Cars

Toyota Keeps Compact Crossover Crown with Bigger, Meaner 2020 RAV4 Hybrid

DETROIT – Toyota’s RAV4 literally invented the compact crossover segment and after more than 20 years, it continues to dominate.

It went through a thorough makeover last year. It looked more muscular, got more angles in the sheet metal — basically, it is no longer a soft-looking vehicle. It got bigger too.

It was longer, lower and wider. We spent a week test-driving the RAV4 Hybrid Limited all-wheel drive. It was powered by a 2.5-liter four-cylinder engine and combined with electric motors on the axles made 219 horsepower. There was what Toyota is branding an electronic continuous variable transmission.

Mileage was impressive. The 2020 RAV4 Hybrid got 41 mpg in the city, 38 mpg on the highway and 40 mpg combine. Even more impressive was the RAV4’s driving characteristics.

It handled well. Of course, it was super quiet. Cornering was good, so too was braking. Our test vehicle was outfitted with running boards but the RAV4 didn’t need them. It looked like a rugged SUV, but it was a crossover. What we mean is that we stepped into the vehicle, it was low enough to the ground that we did not have to climb up into it like a pickup or full-size SUV. Those running boards were functional and they did look good, but we never used them because we didn’t need them.

We were impressed with the RAV4 Hybrid’s acceleration. Yes, that continual variable transmission whined uninterruptedly during aggressive acceleration, but we got up to speed quickly and it was quiet while cruising, no matter the speed.

The simplicity of the RAV4 Hybrid’s interior was impressive. Today’s vehicles can do more. Toyota designers have found ways to put the controls so that they are unobtrusive. Around the floating touch infotainment screen were buttons that linked us to the audio system, the phone, the apps and the navigation system.

The climate controls were underneath the screen and underneath them were the controls for the heated and cooled seats. Beneath those controls, there was an area that held the pad for wireless charging and two USB jacks, an auxiliary jack and a 12V jack.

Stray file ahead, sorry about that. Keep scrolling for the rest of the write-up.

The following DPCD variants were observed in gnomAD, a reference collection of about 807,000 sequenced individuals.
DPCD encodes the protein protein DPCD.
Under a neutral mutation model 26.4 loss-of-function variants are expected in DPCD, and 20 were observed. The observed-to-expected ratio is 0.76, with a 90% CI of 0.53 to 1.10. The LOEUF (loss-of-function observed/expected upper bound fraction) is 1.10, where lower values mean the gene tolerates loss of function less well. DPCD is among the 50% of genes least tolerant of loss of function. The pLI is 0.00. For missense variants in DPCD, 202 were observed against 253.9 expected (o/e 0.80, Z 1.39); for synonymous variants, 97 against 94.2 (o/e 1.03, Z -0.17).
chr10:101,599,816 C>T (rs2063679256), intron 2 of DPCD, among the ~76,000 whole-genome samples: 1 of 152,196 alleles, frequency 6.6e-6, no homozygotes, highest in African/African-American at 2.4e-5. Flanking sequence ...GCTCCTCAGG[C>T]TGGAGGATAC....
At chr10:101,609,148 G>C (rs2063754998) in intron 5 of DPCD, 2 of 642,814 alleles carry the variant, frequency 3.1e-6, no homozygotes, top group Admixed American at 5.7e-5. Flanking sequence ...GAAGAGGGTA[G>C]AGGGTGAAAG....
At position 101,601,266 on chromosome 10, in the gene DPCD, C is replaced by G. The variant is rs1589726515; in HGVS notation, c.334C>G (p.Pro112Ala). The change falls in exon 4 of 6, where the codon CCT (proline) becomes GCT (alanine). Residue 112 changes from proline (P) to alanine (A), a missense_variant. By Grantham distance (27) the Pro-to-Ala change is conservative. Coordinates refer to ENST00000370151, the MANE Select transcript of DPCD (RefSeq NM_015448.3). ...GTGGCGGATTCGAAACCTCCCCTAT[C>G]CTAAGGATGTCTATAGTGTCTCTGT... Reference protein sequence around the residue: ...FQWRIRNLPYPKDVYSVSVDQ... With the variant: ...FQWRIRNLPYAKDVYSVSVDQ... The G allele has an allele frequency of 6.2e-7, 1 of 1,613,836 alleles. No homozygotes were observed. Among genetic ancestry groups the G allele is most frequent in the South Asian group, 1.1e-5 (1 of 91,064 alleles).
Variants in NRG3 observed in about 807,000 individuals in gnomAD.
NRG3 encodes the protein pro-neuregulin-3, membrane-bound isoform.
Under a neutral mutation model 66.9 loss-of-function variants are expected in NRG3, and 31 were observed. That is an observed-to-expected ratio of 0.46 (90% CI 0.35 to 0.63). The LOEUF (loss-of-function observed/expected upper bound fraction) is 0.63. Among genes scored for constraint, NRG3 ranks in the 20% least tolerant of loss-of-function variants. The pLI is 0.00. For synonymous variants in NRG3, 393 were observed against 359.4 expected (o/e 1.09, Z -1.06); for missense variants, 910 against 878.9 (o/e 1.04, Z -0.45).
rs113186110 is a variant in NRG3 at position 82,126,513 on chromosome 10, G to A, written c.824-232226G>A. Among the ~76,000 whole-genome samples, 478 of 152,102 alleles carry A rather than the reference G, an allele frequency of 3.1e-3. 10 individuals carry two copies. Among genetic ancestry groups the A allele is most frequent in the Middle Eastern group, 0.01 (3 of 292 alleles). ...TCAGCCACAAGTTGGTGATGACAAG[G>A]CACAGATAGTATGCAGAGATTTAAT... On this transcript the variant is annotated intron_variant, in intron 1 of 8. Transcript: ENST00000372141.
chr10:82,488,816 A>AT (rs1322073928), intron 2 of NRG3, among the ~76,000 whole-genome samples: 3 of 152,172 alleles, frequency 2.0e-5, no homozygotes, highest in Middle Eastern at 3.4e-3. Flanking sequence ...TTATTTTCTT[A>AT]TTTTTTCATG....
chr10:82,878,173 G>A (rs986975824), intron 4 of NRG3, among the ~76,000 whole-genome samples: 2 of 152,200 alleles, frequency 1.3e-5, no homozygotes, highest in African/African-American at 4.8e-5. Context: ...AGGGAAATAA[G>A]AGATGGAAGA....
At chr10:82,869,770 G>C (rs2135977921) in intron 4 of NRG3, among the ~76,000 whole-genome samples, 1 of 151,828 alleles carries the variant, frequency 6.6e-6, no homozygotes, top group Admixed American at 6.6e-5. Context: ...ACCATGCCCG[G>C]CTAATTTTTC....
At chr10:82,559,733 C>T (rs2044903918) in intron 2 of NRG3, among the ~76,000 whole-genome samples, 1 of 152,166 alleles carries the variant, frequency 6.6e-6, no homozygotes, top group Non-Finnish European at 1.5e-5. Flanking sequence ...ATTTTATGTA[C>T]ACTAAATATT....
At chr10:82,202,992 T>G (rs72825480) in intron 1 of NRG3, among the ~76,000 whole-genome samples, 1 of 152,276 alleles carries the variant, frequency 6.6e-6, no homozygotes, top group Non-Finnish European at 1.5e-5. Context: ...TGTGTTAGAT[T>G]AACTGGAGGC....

The 2020 RAV4 had three driving modes: eco, normal and sport. And you could make that four if you counted the button that could put it in electric vehicle mode.

In a move that more interior designers are making, some of the RAV4’s controls were placed on the bottom third of the dash on the left side of the vehicle. The off-on button for the automatic high beams was there, the power liftgate control was there, the heated steering wheel, the button to turn on the camera was over there too.

What we’ve always liked about the new generation RAV4 was the shelf. Just beneath the dash, this ambient lit space extended the width of the car. When you think about it, there’s a lot of potential space that’s wasted along any dash. RAV4 designers found a use for it.

We got into the back seats and found them spacious, there seemed to be enough room for three people to sit abreast and those seats were heated. There were two more USB jacks in the back and the panoramic roof let in plenty of light back there. We didn’t get to use it much since it was overcast just about the entire week that we test-drove the 2020 RAV4.

The all-wheel-drive system used separate rear-mounted electric motors to power the rear wheels when needed. The system was standard on all RAV4 Hybrids and increased torque to the rear wheels by 30 percent compared to the previous system. Thank goodness we didn’t need it.

Our test vehicle was chock full of comforts and premium equipment. It had LED headlights and daytime running lights. It had a premium audio system, voice controls, satellite radio, Apple CarPlay and Android Auto.

There was Toyota Safety Sense 2.0: pre-collision with pedestrian detection, full-speed range adaptive cruise control, lane departure alert with steering assist, lane tracing assist and automatic high beams.

The crossover read road signs, had a backup camera with rear cross-traffic alert, front and rear parking assist with automated braking, blind-spot monitoring and 18-inch alloy wheels.

For $41,235 as tested, the 2020 Toyota RAV4 Hybrid offered a lot for the money.

Frank S. Washington is editor of AboutThatCar.com.

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